In the final days of the 112th U.S. Congress—days marked by frantic brinkmanship to avoid the fiscal cliff—Capitol Hill let the Violence Against Women Act fall with a thud.
For the first time since the VAWA’s passage in 1994, Congress didn’t renew the protections and funding for victims of domestic violence and sexual assault.
“This is the first time there’s been a serious fight about it,” says Scott Berkowitz, president of the Rape, Abuse & Incest National Network. “There’s a lot of that in Washington these days.”
The VAWA provides the framework for funding domestic-violence and rape-crisis centers, along with prosecution of sex crimes. “These services are literally lifelines,” says Niki Terzieff, a lobbyist for the Oregon Coalition Against Domestic and Sexual Violence.
That money—$1.8 million annually for Oregon—won’t instantly disappear because the VAWA wasn’t reauthorized. But new protections remain uncertain. One of those would have targeted a national backlog of untested DNA rape kits. (Some states have thousands of untested rape kits. Oregon State Police say only 14 exist in the state—and only one older than 90 days.)
The VAWA’s non-renewal wasn’t an oversight. House Republicans led by Majority Leader Eric Cantor (R-Va.) blocked the Senate-drafted renewal because of three new provisions. “We continue to work with VAWA advocates on the best path forward to ensure we protect victims, prosecute offenders and put an end to violence against women,” Cantor spokeswoman Megan Whittemore tells WW.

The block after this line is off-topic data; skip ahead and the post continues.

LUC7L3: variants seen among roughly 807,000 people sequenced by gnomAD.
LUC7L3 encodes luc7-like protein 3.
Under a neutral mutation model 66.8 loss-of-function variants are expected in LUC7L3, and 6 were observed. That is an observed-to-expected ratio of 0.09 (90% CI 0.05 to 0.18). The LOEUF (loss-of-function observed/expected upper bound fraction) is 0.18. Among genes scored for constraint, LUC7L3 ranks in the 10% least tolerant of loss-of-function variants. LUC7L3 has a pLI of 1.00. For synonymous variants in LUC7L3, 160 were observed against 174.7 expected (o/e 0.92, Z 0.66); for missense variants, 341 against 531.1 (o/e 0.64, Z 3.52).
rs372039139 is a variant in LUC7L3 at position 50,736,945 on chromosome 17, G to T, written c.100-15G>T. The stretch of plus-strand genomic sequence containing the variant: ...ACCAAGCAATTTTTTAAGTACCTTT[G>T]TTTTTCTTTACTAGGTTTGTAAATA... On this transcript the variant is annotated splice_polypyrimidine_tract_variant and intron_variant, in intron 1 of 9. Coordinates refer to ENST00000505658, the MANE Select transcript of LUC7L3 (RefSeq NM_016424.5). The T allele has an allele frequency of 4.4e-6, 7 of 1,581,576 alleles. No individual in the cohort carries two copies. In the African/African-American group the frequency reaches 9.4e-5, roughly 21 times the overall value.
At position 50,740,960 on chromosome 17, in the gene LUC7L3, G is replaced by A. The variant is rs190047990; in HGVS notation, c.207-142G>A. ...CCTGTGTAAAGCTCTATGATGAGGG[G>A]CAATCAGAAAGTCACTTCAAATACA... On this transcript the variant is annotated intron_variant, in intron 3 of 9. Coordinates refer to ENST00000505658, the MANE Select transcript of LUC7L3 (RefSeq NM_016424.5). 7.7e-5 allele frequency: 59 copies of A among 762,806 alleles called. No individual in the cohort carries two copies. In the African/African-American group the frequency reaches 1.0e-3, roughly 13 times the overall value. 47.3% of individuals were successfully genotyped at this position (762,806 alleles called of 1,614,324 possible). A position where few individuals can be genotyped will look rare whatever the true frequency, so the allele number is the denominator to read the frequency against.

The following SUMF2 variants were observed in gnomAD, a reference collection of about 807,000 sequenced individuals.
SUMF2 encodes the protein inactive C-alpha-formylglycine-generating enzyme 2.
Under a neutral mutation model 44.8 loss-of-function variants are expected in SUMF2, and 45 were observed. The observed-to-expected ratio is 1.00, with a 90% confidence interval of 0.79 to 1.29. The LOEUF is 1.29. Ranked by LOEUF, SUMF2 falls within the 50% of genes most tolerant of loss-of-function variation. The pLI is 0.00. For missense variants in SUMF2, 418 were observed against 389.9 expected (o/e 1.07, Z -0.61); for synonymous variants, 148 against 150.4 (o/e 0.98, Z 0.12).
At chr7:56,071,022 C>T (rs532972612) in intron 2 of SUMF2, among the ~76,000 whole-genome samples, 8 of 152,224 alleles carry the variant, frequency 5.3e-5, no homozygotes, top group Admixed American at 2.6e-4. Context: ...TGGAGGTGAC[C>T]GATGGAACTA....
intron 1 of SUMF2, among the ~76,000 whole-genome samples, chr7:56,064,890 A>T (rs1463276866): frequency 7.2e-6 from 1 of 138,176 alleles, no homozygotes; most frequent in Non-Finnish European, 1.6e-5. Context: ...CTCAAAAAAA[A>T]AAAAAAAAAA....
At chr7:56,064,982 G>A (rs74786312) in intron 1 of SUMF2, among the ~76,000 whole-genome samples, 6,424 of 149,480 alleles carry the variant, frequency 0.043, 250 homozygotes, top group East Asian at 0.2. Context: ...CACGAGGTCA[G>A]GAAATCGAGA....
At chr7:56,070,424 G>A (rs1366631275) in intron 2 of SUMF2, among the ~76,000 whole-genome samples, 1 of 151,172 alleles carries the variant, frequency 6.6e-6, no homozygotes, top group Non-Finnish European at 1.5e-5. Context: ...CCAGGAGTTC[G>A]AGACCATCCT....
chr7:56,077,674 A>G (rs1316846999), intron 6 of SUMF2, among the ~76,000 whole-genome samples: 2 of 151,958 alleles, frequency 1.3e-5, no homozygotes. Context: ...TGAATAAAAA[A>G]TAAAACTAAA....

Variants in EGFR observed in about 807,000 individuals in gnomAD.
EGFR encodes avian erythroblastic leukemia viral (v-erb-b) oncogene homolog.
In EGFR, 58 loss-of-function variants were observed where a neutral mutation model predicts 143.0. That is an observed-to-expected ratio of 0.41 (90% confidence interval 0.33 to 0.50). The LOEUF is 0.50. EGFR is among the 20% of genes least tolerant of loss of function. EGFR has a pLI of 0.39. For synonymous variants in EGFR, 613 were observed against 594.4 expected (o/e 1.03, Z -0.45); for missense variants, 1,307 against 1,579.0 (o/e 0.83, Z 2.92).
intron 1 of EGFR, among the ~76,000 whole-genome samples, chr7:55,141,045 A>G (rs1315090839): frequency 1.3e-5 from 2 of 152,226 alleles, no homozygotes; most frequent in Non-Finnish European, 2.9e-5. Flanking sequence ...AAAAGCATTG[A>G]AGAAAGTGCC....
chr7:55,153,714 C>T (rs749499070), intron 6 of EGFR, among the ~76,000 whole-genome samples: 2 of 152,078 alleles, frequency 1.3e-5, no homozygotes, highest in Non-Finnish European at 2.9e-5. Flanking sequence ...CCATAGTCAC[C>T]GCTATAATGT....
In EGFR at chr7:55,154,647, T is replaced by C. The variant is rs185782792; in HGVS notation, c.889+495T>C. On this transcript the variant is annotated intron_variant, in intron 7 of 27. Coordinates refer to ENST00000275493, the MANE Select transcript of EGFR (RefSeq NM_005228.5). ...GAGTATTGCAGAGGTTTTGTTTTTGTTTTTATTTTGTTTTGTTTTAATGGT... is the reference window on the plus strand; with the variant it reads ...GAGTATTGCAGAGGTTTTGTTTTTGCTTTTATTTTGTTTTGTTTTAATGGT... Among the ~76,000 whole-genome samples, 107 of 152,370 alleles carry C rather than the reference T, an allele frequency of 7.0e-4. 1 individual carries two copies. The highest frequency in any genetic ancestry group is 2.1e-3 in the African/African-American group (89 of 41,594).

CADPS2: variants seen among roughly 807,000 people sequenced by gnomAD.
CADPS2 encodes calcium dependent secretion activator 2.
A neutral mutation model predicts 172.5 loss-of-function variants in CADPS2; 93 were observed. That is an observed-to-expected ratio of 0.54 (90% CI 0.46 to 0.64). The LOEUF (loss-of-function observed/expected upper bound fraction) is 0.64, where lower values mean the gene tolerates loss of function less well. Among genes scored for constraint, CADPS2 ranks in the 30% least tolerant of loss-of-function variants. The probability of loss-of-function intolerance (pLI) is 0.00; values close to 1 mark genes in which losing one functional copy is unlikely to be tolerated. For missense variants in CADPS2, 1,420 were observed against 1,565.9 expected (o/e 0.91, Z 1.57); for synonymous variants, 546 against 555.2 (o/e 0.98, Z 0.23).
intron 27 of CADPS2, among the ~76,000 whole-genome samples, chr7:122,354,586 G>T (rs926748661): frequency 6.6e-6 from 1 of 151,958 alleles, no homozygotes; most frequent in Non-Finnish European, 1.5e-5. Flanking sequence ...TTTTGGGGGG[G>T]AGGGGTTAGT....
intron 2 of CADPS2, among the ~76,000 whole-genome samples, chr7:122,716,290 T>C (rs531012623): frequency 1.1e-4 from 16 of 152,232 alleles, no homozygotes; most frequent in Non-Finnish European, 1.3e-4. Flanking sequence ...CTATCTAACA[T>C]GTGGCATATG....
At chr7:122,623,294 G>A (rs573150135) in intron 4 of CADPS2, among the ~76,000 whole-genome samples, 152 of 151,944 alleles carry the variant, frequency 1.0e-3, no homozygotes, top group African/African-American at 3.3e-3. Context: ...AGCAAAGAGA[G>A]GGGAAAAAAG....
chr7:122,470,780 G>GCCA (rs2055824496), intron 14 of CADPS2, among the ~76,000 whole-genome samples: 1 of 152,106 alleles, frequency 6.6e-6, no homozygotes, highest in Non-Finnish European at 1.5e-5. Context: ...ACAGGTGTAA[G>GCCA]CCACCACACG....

As Sen. Patrick Leahy (D-Vt.) prepares for another confrontation with the House beginning this week in the 113th Congress, here are the sticking points:
• Extending the VAWA’s protections to include domestic-violence victims who are lesbian, bisexual or transgender.
This provision is also included in the new Senate bill. House Republicans say it’s a Trojan horse for a gay-rights agenda.
“It would prohibit discrimination under [VAWA], including shelters,” says Maya Rupert, policy director for the National Center for Lesbian Rights. “It’s a crucially important protection.”
• Increasing the number of visas allotted for undocumented immigrants who petition for legal status because they are the victim of an abusive spouse or parent. GOP leaders said upping the number of “U visas” would invite fraud. The new Senate bill has dropped the provision.
• Allowing tribal courts on Native American lands to prosecute non-native men for sexual crimes against native women.
This law change would combat an epidemic of rapes on reservations. The U.S. Department of Justice says 86 percent of sex crimes against native women are committed by non-native men.
The changes would allow tribal police to investigate and make arrests, instead of merely detaining accused rapists and waiting for state police or the FBI to arrive.
“We have this long history of native women continuing to be victims of sexual assault, and nothing ever happens,” says Tawna Sanchez, director of family services at the Native American Youth and Family Center in Portland.
News reports from December say Cantor blocked the provision on constitutional grounds. The provision is back in the new Senate bill.